CharleneD16 (author)Milen2016-12-20

Thanks a lot! This project is really awesome. Thank you for sharing.

author
CharleneD16 (author)CharleneD162017-02-10

What is the maximum current and the maximum frequency that can be feed to the analog pin of an Arduino Nano? Can I substitute the resettable PTC fuse to a glass fuse instead?

author
Milen (author)CharleneD162017-02-12

Hi,

you can not feed current inside the analog pin. You can apply only voltage - not more than the supply voltage+0.5V.

The maximum frequency is determined by the max sample rate:

76.9kSPS of the ATMEGA328 ADC and the Nyquist requirement ----> around 38,5 kHz.

You can put a fuse from the type that you like, but its max current must be proper chosen

author
CharleneD16 (author)Milen2017-02-12

Hi Milen,
Thank you for your reply. I just want to ask about the maximum current rating that the fuse for ammeter can be?

author
Milen (author)CharleneD162017-02-12

Hi,

as designed it measures 500 mA max current - that should be the fuse rating. If you want to measure higher current ´then you have to change also the resistor. You could add also input for higher currents with different resistor and can use also different arduino analog input.

author
ChumpolW (author)2016-08-17

Dear Milen

You did a great job ! I have a project that need to use arduino as multimeter. Could you help me something? If i just want to use Arduino for measuring Current, Voltage, and Temperature and send the data to PLC, I don't need to show in LCD, but send to PLC.
What is the code should i use in Arduino program ? If Arduino's TX pin connect to TTL to RS232 converter.

author
Milen (author)ChumpolW2016-08-17

Thanks,
I think - you have to decide which type of communication you want to use : SPI or I2C and depending on this to define the used pins and libraries. From the code you can remove then the LCD and serial monitor part.

author
ChumpolW (author)Milen2016-08-24

Dear Milen,
Thank you for your replied and sorry for my late respond. I read about SPI and I2C as you recommended, So i chose I2C be my answer because I have to measure in real-time and yes I2C has more speed than SPI. I have a design for my Arduino measuring Voltage and Temperature as this in attached picture. Will it work ? I will use TX port for sending data to "TTL to RS232" and then to PLC.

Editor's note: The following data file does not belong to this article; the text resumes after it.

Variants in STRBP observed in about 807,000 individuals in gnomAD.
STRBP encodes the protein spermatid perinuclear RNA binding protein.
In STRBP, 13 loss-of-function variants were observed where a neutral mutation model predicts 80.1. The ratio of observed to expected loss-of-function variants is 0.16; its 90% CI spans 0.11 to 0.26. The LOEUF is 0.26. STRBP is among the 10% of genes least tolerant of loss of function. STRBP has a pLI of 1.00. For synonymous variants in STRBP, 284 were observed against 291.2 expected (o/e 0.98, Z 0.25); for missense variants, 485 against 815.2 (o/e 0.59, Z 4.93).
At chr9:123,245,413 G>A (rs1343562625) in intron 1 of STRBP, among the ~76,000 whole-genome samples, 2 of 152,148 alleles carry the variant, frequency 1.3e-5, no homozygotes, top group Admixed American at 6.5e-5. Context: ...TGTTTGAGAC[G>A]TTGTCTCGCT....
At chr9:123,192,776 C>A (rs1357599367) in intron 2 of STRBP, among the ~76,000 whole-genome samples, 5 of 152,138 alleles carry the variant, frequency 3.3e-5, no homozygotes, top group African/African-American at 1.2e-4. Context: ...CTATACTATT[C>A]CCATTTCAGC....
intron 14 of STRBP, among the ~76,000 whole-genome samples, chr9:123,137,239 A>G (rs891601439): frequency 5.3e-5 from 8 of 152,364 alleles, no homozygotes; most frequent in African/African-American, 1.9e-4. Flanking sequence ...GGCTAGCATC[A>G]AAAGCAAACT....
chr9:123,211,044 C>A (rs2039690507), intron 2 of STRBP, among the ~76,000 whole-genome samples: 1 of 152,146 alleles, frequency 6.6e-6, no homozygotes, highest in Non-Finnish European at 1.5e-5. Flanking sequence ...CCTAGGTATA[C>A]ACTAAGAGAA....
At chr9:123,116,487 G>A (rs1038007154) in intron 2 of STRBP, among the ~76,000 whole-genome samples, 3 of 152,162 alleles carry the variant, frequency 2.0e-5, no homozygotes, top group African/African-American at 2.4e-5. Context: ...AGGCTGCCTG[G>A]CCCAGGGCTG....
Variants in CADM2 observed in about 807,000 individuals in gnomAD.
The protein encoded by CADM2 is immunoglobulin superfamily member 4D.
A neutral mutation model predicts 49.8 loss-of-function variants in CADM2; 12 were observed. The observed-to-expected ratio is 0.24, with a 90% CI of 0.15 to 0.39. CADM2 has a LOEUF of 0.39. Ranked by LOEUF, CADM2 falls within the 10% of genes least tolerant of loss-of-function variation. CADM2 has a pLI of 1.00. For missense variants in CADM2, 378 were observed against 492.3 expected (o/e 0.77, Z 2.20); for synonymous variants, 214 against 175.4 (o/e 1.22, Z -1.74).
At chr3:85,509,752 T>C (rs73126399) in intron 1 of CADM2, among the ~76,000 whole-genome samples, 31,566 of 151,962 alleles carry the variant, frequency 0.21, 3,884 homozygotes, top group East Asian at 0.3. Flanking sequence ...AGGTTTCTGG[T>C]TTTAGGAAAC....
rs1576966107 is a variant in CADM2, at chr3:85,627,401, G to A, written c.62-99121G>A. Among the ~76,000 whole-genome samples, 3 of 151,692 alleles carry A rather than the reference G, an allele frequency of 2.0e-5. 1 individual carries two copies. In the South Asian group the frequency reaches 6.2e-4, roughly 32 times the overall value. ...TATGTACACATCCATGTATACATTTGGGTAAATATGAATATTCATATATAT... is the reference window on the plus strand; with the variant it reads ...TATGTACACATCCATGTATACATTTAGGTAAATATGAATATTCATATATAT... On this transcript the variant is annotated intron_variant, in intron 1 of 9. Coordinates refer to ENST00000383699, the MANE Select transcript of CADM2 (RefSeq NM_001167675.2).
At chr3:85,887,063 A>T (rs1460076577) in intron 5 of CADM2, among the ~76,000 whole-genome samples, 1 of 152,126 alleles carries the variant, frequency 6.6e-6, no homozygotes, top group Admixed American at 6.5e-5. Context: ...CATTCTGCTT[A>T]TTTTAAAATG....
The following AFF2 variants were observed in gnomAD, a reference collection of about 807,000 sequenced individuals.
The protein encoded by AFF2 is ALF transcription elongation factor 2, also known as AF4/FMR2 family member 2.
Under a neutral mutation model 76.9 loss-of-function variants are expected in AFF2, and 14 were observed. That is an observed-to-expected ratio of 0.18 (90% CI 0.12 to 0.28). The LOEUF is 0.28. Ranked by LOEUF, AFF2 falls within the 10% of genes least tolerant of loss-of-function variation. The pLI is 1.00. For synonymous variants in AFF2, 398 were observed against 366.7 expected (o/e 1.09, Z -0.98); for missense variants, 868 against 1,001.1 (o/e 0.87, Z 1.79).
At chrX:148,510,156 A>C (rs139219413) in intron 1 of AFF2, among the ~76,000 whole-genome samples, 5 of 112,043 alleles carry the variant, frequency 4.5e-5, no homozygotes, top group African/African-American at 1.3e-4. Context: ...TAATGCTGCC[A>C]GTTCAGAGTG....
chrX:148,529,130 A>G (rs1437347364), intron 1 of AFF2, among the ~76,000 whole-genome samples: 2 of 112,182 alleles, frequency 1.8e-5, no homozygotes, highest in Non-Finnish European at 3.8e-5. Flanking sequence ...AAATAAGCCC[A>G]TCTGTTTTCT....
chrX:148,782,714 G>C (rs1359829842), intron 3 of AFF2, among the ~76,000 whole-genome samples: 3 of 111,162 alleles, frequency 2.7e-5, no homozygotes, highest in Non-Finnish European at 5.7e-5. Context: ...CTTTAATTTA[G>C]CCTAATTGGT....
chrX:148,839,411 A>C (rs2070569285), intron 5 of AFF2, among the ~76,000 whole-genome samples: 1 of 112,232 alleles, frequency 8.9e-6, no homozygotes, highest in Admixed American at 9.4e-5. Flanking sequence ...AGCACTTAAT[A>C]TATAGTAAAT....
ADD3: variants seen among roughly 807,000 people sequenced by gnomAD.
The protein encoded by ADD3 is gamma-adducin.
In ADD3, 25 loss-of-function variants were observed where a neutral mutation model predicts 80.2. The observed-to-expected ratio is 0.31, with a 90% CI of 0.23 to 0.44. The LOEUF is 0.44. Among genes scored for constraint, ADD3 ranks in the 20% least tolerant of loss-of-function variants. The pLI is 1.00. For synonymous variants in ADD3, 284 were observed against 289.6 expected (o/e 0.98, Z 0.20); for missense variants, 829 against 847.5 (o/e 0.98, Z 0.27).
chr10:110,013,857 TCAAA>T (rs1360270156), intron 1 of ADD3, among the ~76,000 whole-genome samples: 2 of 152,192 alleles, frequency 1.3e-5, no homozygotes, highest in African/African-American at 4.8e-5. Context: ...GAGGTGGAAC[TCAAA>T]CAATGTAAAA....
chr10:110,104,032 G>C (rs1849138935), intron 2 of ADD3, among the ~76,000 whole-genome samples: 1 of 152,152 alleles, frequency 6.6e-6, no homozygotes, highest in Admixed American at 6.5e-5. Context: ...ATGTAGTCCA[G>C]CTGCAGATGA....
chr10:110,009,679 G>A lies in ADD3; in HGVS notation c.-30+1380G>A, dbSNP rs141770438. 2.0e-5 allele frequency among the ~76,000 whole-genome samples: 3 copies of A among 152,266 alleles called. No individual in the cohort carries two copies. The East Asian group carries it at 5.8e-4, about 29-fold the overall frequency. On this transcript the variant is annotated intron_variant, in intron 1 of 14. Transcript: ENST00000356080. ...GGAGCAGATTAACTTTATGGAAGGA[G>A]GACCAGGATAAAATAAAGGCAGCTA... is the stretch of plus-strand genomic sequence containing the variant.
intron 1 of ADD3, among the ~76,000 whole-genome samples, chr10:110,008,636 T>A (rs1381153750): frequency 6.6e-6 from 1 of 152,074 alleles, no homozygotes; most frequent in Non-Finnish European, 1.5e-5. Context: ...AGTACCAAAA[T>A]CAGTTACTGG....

Untitled-1.png
author
Milen (author)ChumpolW2016-08-24

Hi,

Check the connections of the voltage sensor - seems that the sig and supply pins are swapped. Is it not possible to supply this sensor with 5V arduino supply?

Do not forget pull-up resistors needed for the I2C communication. I suppose that also the rx TTL pin shall be connected - some return data is send also during the communication.

regards

Milen

author
ChumpolW (author)Milen2016-08-24

Dear Milen,
Thank you very much ! But i'm not sure about the code. If i connected IR Temp and Voltage Sensor(swapped it already) with Arduino, Should i write the code like "DigitalRead(A1, Voltage) and DigitalRead(SDA or SCL, Temp)" like this ?
I know about doing code to show in LCD, But I don't know about sending/receiving data from TX/RX pin. Could you give me some hint ?
Sorry for bothering you a lot.

author
Milen (author)ChumpolW2016-08-24

Hi .

Please write the type of both sensors. For the temperature sensor I suppose you have to serch the proper arduino library. The voltage sensor seems to me to have an analog output (check if true). In this case you have simply to use AnalogRead(A0). Check what should be the output voltage if you supply the sensor with 9V battery (as on the picture). If it is higher than 5V - an error will occur - you have to insert proper resistor voltage divider at the output of the voltage sensor and the analog arduino pin.

author
WisarUK (author)2016-07-08

Great project! What are the dimensions of the PCB? I am going to order one but need the size and I can't read the Eagle files.

Thanks,

Will

author
Milen (author)WisarUK2016-07-08

Hi Will,

The PCB size is 92.1 x 53.6 mm. Good luck.

Regards
milen

author
WisarUK (author)Milen2016-07-09

Thanks for the fast reply. My idea is to piggyback your electronics with a Pi Zero and have the Pi deliver a GUI front end. Ideally I want to get the Eagle board into Fritzing and hope I can find a conversion tool as I don't want to learn Eagle!

Will

author
nituj (author)2016-06-22

Hello Milen,Ray,

I am interested to make PCB for this design. If its possible may any of you share the Gerber files? I am going with PCBway.

Thanks